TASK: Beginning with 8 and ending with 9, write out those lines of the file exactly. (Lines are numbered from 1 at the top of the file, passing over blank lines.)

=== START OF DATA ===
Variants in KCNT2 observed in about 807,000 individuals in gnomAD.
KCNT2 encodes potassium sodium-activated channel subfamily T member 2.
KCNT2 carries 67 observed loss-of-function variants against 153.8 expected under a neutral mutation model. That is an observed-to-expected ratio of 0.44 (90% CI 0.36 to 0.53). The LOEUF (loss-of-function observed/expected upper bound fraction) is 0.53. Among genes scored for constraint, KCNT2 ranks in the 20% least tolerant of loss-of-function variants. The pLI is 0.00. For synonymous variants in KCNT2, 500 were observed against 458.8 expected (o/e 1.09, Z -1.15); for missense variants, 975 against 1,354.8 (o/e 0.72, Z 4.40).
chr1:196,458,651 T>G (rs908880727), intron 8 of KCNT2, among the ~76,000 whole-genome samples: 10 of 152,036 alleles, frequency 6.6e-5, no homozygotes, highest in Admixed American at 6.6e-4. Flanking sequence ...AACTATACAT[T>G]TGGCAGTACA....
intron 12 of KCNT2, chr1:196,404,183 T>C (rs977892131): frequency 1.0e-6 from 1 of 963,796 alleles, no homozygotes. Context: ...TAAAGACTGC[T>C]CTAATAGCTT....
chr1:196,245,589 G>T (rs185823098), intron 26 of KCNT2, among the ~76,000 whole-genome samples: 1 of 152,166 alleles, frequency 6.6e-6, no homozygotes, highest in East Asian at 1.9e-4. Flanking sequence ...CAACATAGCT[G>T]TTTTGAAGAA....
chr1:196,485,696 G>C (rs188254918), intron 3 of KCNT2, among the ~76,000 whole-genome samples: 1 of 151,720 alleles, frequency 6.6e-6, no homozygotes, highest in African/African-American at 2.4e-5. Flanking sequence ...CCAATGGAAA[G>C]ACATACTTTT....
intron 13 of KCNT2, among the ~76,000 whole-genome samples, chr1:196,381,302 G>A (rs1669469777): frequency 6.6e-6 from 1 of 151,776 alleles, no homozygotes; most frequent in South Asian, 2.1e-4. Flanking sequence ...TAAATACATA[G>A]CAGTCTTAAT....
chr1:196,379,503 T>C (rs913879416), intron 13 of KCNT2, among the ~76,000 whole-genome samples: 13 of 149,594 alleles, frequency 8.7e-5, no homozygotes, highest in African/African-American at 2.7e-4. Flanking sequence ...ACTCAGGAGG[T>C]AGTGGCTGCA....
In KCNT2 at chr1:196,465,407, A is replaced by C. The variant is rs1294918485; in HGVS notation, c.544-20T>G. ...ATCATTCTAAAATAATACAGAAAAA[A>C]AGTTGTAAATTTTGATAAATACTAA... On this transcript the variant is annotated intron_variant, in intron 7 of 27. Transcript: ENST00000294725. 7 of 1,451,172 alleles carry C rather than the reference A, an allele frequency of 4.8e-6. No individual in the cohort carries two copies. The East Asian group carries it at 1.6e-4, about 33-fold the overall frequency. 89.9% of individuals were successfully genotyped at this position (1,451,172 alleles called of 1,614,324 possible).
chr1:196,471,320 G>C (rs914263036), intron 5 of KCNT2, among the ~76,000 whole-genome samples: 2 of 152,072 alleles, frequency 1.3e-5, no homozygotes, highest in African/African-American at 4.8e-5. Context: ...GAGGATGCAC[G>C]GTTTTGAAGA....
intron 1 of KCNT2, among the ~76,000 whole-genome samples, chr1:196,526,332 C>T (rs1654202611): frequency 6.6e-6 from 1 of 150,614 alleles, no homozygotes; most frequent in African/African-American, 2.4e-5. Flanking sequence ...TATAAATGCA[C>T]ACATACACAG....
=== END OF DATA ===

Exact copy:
intron 13 of KCNT2, among the ~76,000 whole-genome samples, chr1:196,381,302 G>A (rs1669469777): frequency 6.6e-6 from 1 of 151,776 alleles, no homozygotes; most frequent in South Asian, 2.1e-4. Flanking sequence ...TAAATACATA[G>A]CAGTCTTAAT....
chr1:196,379,503 T>C (rs913879416), intron 13 of KCNT2, among the ~76,000 whole-genome samples: 13 of 149,594 alleles, frequency 8.7e-5, no homozygotes, highest in African/African-American at 2.7e-4. Flanking sequence ...ACTCAGGAGG[T>C]AGTGGCTGCA....